Oak Aged Valkyria Tasting Notes

 

It’s here! The distillers at the Sankta Annas Bränneri announced their barrel aged version of their renowned Valkyria Absinthe a couple of months ago, and we’re proud that we were able to grab some for you!

We wrote a piece on barrel aged absinthes in general before, you can read it here. But let’s take a closer look at this barrel aged absinthe, and find out what Antoine’s tasting notes reveal.

 

 

 

The Oak Aged Valkyria

The first legal Swedish absinthe in a barrel made of Swedish oak, where it has adopted flavour and aroma characteristics that are similar to those of a Cognac, or Whisky. Göran and Hendrik deliberately didn’t want these flavours to become overpowering. It was important to them to maintain the citrusy and floral attributes of the original Valkyria. The subtle hints of vanilla and oak, which the Valkyria has developed during its time in the barrel, invite you to sit back and enjoy a glass on the rocks. Markus Hartsmar from Absinthe.se wrote a lovely review on its taste here, and the distillers from the Sankta Annas Bränneri suggest to try it neat on the rocks.

Discover the Oak Aged Valkyria here

Tasting Notes

Colour: Emerald green, with a light tint of orangey-beige wood.

Aroma before water: Pleasant and well balanced. Light notes of vanilla are detectable and it’s already clear that this is a decent absinthe distilled from good quality herbs and alcohol.
b
Louche: The louche develops pretty rapidly, even when the water is added drop by drop. This would suggests the presence of star anise.Aroma after water: Adding water brings notes of wormwood and star anise to the fore. These are in my opinion a touch forthcoming, although I would not say they are overwhelming. The vanilla notes are very much there, although maintaining a subdued presence. It would have been nice if the vanilla were a touch more pronounced and the complexity a bit more extensive.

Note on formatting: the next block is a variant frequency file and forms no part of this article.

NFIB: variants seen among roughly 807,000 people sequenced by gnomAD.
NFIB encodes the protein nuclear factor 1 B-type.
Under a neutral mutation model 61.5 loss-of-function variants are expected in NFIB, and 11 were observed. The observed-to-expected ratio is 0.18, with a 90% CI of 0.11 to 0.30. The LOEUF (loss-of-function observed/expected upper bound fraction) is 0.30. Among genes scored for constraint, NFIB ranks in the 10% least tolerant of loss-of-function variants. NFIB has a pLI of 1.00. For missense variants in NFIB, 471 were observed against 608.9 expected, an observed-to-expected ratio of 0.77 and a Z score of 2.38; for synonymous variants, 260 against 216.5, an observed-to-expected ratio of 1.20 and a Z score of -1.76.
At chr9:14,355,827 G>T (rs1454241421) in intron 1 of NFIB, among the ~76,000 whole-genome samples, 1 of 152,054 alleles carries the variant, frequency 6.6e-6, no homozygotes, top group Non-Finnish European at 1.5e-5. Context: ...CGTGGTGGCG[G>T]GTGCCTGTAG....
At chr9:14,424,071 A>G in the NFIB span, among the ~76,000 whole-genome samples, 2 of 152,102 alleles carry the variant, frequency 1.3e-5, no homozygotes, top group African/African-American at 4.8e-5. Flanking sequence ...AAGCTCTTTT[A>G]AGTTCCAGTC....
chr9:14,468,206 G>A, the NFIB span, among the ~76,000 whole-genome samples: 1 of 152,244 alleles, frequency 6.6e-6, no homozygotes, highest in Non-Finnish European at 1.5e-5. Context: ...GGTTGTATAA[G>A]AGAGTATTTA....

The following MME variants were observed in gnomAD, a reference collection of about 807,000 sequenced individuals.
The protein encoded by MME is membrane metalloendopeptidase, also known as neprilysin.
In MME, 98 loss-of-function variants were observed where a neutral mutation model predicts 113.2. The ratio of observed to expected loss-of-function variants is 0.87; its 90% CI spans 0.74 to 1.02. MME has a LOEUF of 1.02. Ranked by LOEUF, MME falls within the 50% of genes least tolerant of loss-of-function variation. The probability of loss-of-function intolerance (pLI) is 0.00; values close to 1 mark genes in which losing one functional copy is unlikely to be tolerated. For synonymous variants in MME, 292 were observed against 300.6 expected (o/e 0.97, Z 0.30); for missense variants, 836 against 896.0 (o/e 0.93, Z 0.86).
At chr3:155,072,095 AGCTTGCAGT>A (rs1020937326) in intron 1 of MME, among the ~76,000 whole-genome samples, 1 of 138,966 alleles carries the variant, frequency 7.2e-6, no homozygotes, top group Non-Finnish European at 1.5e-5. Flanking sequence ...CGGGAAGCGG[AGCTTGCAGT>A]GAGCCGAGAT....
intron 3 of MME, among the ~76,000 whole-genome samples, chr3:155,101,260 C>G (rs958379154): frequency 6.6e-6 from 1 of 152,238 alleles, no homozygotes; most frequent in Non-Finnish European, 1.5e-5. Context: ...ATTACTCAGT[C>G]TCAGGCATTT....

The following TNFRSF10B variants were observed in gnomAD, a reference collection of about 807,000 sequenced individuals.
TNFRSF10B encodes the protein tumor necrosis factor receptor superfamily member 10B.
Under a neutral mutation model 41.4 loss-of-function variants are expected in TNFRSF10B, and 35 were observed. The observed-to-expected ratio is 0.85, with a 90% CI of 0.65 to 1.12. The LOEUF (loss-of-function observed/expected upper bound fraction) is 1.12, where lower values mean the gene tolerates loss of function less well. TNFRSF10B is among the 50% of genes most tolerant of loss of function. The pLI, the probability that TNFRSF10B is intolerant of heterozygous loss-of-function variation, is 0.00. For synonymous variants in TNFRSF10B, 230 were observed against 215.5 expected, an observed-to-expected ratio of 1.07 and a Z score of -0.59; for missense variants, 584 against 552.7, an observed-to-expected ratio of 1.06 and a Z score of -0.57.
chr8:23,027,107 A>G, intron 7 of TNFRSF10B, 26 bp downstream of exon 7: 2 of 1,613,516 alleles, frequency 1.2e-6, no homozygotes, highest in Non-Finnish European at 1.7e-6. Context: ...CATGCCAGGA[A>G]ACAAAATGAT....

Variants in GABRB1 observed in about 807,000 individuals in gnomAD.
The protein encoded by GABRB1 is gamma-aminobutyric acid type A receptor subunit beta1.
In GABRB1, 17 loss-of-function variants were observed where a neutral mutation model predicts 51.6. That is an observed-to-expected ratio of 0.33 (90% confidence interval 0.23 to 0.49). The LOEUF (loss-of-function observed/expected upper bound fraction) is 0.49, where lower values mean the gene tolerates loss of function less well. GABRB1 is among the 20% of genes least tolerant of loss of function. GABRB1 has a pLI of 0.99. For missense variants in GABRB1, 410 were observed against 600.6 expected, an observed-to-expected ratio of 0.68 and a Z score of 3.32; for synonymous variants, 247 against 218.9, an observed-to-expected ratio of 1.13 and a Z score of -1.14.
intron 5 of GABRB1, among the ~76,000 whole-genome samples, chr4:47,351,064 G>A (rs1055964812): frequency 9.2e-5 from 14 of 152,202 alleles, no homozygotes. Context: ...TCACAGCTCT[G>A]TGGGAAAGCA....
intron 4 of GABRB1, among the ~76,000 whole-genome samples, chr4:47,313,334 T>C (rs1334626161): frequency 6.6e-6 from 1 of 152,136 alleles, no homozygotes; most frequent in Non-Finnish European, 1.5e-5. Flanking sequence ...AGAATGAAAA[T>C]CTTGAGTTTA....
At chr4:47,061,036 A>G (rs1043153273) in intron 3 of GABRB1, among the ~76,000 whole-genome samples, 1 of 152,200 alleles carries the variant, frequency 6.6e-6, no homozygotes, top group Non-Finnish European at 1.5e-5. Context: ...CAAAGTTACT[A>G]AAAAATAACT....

Taste: The star anise has a tongue-tickling quality. The notes of grand wormwood and star anise are the most present.

Conclusion: For an absinthe aged in oak barrels, you might expect rather more pronounced notes of vanilla. Clearly to boost this a bit, more time on oak would be needed. However, it is very difficult to discover the optimal aging period – and it’s always better to age for a slightly shorter period than for too long! Certainly our friends at the distillery will be making some subtle adjustments the next time. The complexity and the strength of flavours could also be developed a bit, one would imagine via the kind of small tweaks that remain the closely-guarded secrets of master distillers. This is truly the work of artists!

This is however without a doubt an excellent absinthe and highly recommended for anyone wanting to discover a barrel-aged absinthe and the delicious flavours aromas that are a unique result of the process.

 

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